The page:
Livestock

This section provides data on the number and density of livestock in New Zealand. 

Cattle, sheep, and deer farming plays an important role in New Zealand’s economy. However, poorly managed livestock and agricultural production can have a major impact on the environment. 

Recreational water bodies can be contaminated with effluent from farm animals. Faecal bacteria from this waste can cause gastrointestinal or respiratory diseases.

Livestock numbers decreased between 2018 and 2019

In 2019, there were 37.8 million livestock in New Zealand, including sheep, dairy cattle, beef cattle and deer (Table 1). Compared to 2018, the total number of livestock has fallen by 1.2%, equivalent to 470,000 animals.

Table 1: Number of livestock, by type, 2018-2019

From 2002 to 2019, the total number of livestock decreased by 25 percent, from 50.9 million to 37.8 million. The number of sheep decreased from 39.6 million in 2002 to 26.8 million in 2019, a decrease by one third. In contrast, the number of dairy cattle increased by 21%, from 5.2 million in 2002 to 6.3 million in 2018 (Figure 1).

Figure 1: Number of livestock, by type, 2002-2019

The Manawatū-Whanganui region had the greatest density of livestock in 2019

In 2019, the Manawatū-Whanganui region had the greatest livestock density (264.8 animals per km2) nationwide. The region also possessed the greatest density of sheep (215.6 animals per km2).

As for other types of livestock,

  • The Taranaki region had the highest density of dairy cattle (80.9 per km2)
  • The Hawke’s Bay region had the highest density of beef cattle (31.8 per km2)
  • The Canterbury region had the greatest density of deer (5.6 per km2)

Figure 2: Density of livestock by region (animals per km2)

Increase in dairy cattle numbers in many regions

Dairy cattle farming can have negative effects on water supply levels as well as water quality.

Between 2007 and 2017, the number of dairy cattle increased substantially, especially in the South Island in Canterbury (73.3 percent), Southland (57.4 percent) and Otago (53 percent) (Figure 2). In the North Island, the regions with the largest increase were Gisborne (19.2 percent), Manawatu-Wanganui (17.7 percent) and Waikato (12.1 percent).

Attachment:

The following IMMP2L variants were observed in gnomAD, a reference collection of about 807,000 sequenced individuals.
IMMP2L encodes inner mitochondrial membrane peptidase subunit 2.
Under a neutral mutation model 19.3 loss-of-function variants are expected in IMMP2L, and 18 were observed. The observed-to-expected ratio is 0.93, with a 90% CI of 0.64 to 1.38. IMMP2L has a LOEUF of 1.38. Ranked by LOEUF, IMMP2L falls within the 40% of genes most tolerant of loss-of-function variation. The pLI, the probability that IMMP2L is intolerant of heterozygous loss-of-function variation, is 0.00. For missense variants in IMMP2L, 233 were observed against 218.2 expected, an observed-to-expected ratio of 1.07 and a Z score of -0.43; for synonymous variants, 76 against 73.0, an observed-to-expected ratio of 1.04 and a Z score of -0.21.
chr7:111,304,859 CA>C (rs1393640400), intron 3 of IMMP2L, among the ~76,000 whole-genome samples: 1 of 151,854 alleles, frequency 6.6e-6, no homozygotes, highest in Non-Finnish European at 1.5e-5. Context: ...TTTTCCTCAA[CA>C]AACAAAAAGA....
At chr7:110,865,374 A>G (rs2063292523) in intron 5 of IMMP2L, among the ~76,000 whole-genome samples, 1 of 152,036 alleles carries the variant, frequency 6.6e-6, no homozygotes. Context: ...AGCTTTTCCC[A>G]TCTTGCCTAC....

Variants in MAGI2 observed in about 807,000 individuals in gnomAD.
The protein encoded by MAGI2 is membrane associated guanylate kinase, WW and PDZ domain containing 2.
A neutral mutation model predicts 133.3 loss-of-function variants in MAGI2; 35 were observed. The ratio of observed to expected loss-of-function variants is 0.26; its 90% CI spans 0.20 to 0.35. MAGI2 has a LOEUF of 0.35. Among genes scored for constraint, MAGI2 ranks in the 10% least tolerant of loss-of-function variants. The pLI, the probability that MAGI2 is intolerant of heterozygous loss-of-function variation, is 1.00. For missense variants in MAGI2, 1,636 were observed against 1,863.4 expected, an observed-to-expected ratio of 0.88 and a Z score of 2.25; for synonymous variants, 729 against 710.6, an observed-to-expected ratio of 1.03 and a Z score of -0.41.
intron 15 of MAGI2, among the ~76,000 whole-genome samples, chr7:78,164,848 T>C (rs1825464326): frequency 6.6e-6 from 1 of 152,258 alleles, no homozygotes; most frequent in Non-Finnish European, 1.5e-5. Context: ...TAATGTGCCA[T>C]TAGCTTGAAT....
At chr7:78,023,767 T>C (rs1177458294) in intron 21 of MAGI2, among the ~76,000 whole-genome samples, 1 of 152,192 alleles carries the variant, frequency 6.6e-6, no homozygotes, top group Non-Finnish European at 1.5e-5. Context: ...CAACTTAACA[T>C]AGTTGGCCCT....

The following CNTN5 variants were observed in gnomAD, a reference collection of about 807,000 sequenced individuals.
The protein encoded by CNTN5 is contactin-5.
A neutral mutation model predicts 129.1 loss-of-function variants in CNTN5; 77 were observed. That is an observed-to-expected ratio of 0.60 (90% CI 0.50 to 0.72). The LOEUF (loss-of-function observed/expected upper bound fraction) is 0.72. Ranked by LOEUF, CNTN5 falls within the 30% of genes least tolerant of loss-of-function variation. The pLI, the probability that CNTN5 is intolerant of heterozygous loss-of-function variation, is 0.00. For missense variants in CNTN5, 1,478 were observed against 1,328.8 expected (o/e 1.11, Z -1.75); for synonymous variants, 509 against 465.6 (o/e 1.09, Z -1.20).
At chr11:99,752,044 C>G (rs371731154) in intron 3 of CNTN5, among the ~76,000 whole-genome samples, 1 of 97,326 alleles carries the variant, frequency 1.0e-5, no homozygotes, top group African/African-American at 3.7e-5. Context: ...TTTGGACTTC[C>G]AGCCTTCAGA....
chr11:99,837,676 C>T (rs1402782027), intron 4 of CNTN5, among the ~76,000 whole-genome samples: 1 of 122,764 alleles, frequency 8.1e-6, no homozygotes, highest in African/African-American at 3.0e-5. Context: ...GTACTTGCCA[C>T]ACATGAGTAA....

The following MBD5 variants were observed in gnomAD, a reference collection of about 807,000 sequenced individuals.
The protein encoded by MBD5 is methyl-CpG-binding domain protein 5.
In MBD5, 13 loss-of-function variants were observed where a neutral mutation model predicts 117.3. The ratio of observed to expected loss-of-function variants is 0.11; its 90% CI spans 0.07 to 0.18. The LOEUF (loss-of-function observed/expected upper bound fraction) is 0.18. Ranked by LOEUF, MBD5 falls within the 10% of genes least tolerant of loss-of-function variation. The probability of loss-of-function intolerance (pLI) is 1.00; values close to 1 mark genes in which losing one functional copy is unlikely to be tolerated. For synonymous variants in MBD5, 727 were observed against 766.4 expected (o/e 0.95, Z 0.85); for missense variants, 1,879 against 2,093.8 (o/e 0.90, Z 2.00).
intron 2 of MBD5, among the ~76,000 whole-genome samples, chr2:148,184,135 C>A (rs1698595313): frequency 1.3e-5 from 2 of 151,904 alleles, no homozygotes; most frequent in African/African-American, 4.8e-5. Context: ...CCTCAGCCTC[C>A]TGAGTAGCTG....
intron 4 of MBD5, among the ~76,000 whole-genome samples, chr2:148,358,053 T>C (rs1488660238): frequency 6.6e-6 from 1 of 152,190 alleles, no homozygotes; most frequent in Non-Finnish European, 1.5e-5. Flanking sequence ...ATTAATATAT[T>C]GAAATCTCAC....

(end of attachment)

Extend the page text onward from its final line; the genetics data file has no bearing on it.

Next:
Figure 3: Number of dairy cattle by region, 2007, 2012 and 2017

Livestock density by territorial authority

Livestock density gives an indication of the number of livestock per total land area. The measure does not account for the amount of agricultural land, so should be interpreted with caution. 

In 2017, New Zealand had an average livestock density of 144.4 animals per km2 (Figure 3). Sheep were the predominant livestock type - with an average density of 103.0 animals per km2.

In 2017, Gore District had the highest density of livestock (684.5 animals per km2), followed by Central Hawke's Bay District (391.3 animals per km2) and Masterton District (390.6 animals per km2).

Figure 4: Number of livestock per square kilometre (total land area), by type, 2017

 

Matamata-Piako District (211.1 dairy cattle per km2), Waipa District (183.4 dairy cattle per km2) and Hauraki District (118.0 dairy cattle per km2) were the Territorial Authorities with the highest density of dairy cattle in 2017.

Figure 5: Number of dairy cattle per square kilometre (total land area), 2017

Information about the data

Livestock numbers

Source: Statistics New Zealand - New Zealand Annual Agricultural Production Surveys, and five-yearly Agricultural Production Censuses. For more information, visit the Statistics New Zealand Agricultural Production Statistics webpage

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